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    How, specifically, did we change our TP&R guidelines to incorporate language for evaluating computer-related activity?

    Our departmental TP&R guidelines for evaluating traditional activities in Research, Teaching, and Service are extremely detailed and explicit, providing many examples of specific kinds of publications, presentations, development activities, etc., and how they are to be weighted relative to each other in the tenure and promotion processes. In trying to create language for evaluating computer-related activity, the committee quickly realized that we were not prepared to draft such detailed criteria for computer-related work for three reasons:

    1. drafting such language would require a complete revision of our TP&R guidelines, and we simply did not have the time (please see the section on "the particular circumstances that drove us to revise our guidelines now");

    2. we do not yet have enough experience with computer-related work in our department to know how to define categories of activities or criteria for evaluating activities within those categories; and,

    3. as has become a commonplace in discussions of evaluating computer-related work, many activities clearly bridge the traditional categories: e.g. if one researches and develops a multimedia package that is used by several faculty members in a general education literature course, is this a publication? Is it course development (i.e. teaching)? Or is it service to the campus community? Similarly, Janet Cross and Kristian Fuglevik discuss their unpaid labors as MOO administrators: certainly their work is a service to the academy; but isn't it also indicative of what our current TP&R document refers to as the `tenure candidate's efforts to develop and improve teaching performance'?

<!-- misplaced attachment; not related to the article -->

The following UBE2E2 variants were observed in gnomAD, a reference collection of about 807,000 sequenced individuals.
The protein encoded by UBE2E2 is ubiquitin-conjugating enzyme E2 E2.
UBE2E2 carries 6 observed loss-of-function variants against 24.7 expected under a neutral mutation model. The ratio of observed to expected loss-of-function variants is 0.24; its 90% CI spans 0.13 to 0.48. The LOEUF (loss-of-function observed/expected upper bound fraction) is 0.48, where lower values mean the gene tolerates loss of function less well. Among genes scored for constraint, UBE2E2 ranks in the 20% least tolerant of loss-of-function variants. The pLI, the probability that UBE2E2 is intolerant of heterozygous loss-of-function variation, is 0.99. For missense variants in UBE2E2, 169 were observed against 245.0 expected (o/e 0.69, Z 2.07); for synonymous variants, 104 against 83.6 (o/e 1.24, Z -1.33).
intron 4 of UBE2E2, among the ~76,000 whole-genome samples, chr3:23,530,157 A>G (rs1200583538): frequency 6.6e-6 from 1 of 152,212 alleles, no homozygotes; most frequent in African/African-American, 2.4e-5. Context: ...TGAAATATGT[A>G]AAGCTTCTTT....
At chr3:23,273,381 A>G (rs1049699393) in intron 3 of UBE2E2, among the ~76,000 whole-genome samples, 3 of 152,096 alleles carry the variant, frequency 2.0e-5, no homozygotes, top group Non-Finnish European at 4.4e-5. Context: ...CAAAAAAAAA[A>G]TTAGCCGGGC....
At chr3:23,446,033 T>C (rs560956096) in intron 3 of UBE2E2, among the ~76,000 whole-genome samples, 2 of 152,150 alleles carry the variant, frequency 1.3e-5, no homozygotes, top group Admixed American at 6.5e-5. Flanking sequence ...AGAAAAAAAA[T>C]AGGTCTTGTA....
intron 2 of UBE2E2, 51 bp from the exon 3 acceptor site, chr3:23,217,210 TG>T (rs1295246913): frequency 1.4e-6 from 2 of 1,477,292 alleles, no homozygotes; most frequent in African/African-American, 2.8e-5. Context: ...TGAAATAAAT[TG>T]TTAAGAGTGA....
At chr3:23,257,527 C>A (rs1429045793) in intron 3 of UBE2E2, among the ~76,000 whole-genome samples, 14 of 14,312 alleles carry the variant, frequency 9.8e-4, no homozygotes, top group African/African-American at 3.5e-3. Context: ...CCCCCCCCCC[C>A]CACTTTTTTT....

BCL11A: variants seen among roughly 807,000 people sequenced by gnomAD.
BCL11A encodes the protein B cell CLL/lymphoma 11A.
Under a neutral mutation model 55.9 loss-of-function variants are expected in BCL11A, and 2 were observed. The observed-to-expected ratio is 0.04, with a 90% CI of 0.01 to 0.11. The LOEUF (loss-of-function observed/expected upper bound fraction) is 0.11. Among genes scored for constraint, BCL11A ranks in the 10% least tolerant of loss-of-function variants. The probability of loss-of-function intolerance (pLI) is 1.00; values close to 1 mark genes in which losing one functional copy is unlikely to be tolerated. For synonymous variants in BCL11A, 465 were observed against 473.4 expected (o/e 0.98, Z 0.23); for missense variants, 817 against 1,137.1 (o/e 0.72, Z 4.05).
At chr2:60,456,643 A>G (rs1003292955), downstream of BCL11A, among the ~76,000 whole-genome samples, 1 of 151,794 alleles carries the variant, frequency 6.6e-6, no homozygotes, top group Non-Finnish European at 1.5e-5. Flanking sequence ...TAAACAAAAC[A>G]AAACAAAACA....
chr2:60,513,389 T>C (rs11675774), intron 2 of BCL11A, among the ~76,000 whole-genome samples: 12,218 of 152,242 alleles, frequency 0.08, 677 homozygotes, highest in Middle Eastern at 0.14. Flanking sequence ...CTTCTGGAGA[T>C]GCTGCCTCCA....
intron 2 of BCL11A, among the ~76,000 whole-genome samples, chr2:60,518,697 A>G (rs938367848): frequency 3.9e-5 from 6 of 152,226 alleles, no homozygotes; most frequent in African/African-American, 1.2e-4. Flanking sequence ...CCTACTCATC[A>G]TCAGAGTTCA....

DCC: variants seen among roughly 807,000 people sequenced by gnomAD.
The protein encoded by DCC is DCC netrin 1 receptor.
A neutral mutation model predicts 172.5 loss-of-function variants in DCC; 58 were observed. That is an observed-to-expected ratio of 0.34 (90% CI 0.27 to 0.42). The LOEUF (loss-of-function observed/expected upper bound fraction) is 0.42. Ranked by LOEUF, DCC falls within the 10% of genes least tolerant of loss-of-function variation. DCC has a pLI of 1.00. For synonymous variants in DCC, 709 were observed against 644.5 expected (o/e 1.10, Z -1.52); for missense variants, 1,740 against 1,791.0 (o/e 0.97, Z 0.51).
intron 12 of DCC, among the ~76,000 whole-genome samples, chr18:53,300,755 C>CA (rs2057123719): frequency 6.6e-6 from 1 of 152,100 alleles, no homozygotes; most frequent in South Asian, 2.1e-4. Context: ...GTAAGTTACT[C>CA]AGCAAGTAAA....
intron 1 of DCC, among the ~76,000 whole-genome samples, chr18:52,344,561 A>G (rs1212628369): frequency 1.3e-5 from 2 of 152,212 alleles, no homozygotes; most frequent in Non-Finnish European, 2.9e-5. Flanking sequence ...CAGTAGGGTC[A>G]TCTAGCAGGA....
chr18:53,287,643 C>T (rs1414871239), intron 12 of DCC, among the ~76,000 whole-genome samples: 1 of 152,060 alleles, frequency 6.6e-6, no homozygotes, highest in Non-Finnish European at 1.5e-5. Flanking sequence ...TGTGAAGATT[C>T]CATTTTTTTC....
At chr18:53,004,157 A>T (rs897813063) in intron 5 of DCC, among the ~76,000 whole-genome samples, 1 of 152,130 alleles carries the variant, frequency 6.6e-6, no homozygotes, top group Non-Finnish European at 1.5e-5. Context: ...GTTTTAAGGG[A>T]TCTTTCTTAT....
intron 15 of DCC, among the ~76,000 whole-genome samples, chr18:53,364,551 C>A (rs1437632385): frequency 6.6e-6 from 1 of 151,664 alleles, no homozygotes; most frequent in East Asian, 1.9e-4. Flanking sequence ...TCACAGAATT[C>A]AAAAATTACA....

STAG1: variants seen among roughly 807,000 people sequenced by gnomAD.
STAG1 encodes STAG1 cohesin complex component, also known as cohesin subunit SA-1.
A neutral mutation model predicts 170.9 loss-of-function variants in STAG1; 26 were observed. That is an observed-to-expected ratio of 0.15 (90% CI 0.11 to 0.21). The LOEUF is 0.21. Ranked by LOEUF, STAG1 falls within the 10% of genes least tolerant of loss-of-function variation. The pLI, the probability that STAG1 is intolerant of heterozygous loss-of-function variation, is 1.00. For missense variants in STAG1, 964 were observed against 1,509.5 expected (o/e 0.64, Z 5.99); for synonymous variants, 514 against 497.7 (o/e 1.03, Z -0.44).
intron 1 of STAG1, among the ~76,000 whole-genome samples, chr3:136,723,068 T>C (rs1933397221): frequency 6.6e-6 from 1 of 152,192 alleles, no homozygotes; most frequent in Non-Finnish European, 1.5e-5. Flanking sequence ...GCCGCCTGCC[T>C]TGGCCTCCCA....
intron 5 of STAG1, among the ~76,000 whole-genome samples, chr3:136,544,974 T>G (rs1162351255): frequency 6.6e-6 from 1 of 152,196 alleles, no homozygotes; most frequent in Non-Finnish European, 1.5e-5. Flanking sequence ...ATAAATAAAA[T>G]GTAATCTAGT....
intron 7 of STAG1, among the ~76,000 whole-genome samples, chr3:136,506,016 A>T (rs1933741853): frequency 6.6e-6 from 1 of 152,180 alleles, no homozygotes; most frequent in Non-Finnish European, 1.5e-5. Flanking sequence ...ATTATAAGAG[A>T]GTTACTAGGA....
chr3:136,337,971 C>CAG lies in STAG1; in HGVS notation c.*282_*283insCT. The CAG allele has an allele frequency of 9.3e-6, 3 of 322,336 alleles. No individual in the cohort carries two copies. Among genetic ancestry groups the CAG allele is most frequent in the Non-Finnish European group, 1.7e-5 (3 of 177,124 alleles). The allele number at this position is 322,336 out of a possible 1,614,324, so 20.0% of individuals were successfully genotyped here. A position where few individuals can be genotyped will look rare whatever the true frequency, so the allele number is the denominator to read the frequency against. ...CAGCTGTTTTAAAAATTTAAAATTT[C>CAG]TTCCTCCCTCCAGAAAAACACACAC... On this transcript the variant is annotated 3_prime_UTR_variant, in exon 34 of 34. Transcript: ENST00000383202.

Given these practical limitations on what we could do in revising our guidelines, we decided to do two things:

      1. we added language to our TP&R document to make it clear that, for all categories of activity, computer-related activities are to be evaluated along with traditional activities--though the burden of explanation falls on the candidate; and
      2. we appended the Modern Language Association's Guidelines on Evaluating Computer-Related Work to our previous guidelines, and made reference to the MLA "Guidelines" where appropriate in our existing document.

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      Last revised February 22, 1997